A collector confesses
Simon Garfield has written a book about his passion for philately. It’s not weird, he tells Alex Kasriel
SIMON GARFIELD H A S a c o n f e s - s i o n t o make . He’ s been havi n g a n a f f a i r . B u t n o t w i t h another woman (although that is true as well). His clandestine passion is less about midnight tristes and steamy sex, and more about visits to the Post Office, because the London-based author has an obsession with stamps.
Garfield acknowledges this could be perceived as weird — he admits that it was more embarrassing to write about his fixation with philately in his new book The Error World: An Affair with Stamps, than about his extra-marital affair.
“If you go to the bookshop, you’ll find there are lots of memoirs and autobiographies where people talk about the break up of their marriage, but there are very few about stamps,” he says.
It is true. Stamp collecting does not have much sex appeal and Garfield is not trying to change the image of the nerdy guy holed up in his bedroom with a magnifying glass and a pair of tweezers agonising over the perforated square piece of paper that will complete his definitive series. Instead he celebrates it.
“It was an attempt to write a memoir with stamps as a narrative throughout.” says Garfield, who is known as a writer on pop music. “I was able to share my enthusiasm because it doesn’t have the coolest image in the world. I’m not sure my book will do much to change that. I always like talking to people who are passionate about anything. The English do that passion for hobbies and I love all that. I’m 48, I’m still reasonably in touch with modern music — my kids keep me young and I love going to gigs and stuff and I haven’t entered an old nerdy world. ”
Garfield has previously written books on niche subjects like wrestling, Radio 1 DJs, and how the colour mauve was created, but he is perhaps best known for his threevolume anthology of the diaries of ordinary people during the Second World War.
Error World is Garfield’s first autobiographical work. His hobby is an excuse to tell anecdotes about the quirky world of furtive collectors, auction houses and suppliers. “Postage stamps offer one way in which we can order a world of chaos and they have the power to bring a dependable meaning to a life,” writes Garfield, who lost his father to a heart attack when he was 13 and when he was 20, his mother died of cancer. Before then he says he enjoyed a “reasonably ordinary but typical life of a Jewish boy”. He lived in Hampstead Garden suburb, in North London, was educated at University College School and went to the local synagogue in Norrice Lea.
Like many others, Garfield’s stamp fixation started in boyhood and faded away when he was in his twenties. He revived the passion in his forties, and admits spending thousands of pounds building up his collection of “errors” — the relatively rare stamps which have been mistakenly altered during the printing process.
Stamp collecting may have had a link to his break-up with Kindertransport playwright Diane Samuels, with whom he has two sons, Ben and Jake. But the author is sensitive enough not to divulge too much information.
“It’s not a kiss-and-tell kind of thing at all,” he insists. “The only person exposed is me. I wrote it during and after the split so we were at marriage guidance. The counsellor asked a lot of questions that I maybe found painful but having done that, writing about it was a very cathartic thing.”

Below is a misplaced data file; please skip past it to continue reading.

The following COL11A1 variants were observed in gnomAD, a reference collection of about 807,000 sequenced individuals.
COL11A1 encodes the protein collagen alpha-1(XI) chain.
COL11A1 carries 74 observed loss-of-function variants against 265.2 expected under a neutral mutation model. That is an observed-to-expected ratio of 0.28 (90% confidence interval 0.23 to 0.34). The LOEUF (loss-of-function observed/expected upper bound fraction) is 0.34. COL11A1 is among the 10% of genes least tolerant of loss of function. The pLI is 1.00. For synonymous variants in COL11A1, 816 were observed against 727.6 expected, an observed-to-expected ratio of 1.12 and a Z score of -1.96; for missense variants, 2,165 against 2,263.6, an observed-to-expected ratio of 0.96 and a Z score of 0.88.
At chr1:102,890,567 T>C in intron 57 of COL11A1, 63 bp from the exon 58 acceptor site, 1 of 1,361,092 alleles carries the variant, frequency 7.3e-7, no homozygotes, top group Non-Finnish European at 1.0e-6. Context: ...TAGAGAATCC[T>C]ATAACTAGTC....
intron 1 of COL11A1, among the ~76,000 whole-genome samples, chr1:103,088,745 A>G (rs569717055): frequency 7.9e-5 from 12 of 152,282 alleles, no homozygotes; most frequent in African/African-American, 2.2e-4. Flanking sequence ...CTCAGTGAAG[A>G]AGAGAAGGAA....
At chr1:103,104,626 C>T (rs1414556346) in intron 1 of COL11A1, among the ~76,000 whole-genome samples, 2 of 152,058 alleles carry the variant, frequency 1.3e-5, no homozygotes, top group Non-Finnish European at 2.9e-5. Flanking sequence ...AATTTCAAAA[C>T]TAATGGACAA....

But more than stamps or his love life, Garfield says the hardest part was opening up about his brother Jonathan whom he lost the year before his mother to a rare type of pneumonia. “My brother dying when he was 23 was such an unnatural thing. A lot of people have parents who died when they were in their teens. B u t i t was almost i mpossible for other people to take it all in when my brother died. T heir r e a c - tion was so shocked and horrified I was protecting myself. I did find it quite hard to write.”
Given this background, it is understanable that Garfield would have turned to stamp collecting for constancy and order. But it is also understandable that the women in his life do not take an interest. Error World mentions only one female stamp collector. He admits the “other” woman — Annie, a childhood friend — is not keen on his collection, and his marriage guidance counsellor was not impressed with his album.
His relationship with Annie was “passionate and destructive” and eventually he left her for someone he met 14 months ago. While he says he is very much in love with Justine Kanter — with whom he lives in Hampstead near his ex-wife and two sons — it is not because of their shared love of stamps.
“It’s wrong to say women don’t collect because they do,” he argues, admitting that it is a less common pursuit among females. “Maybe they have got their priorities right, especially if you have a marriage and kids. It’s also an excuse to get into a specialist world. Maybe woman don’t need that or can’t do that. Maybe it’s a luxury for men to go off on a Saturday to a collectors’ fair..”
Incidentally Garfield also has a collection of Chelsea FC badges, London Underground maps and Corgi model cars. “There are far more obscure collectors than mine. I’m convinced — especially after seeing eBay, that there’s nothing that a person can collect without someone else collecting it too.” The Error World: An Affair with Stamps is published by Faber, £14.99
‘Error’ stamps are rare and valuable. The set above with the upside-down aeroplane were valued at $3 million
Simon Garfield found it easier to own up about his extra-marital affair than his obsession with rare stamps, and admits to have spending thousands of pounds on his collection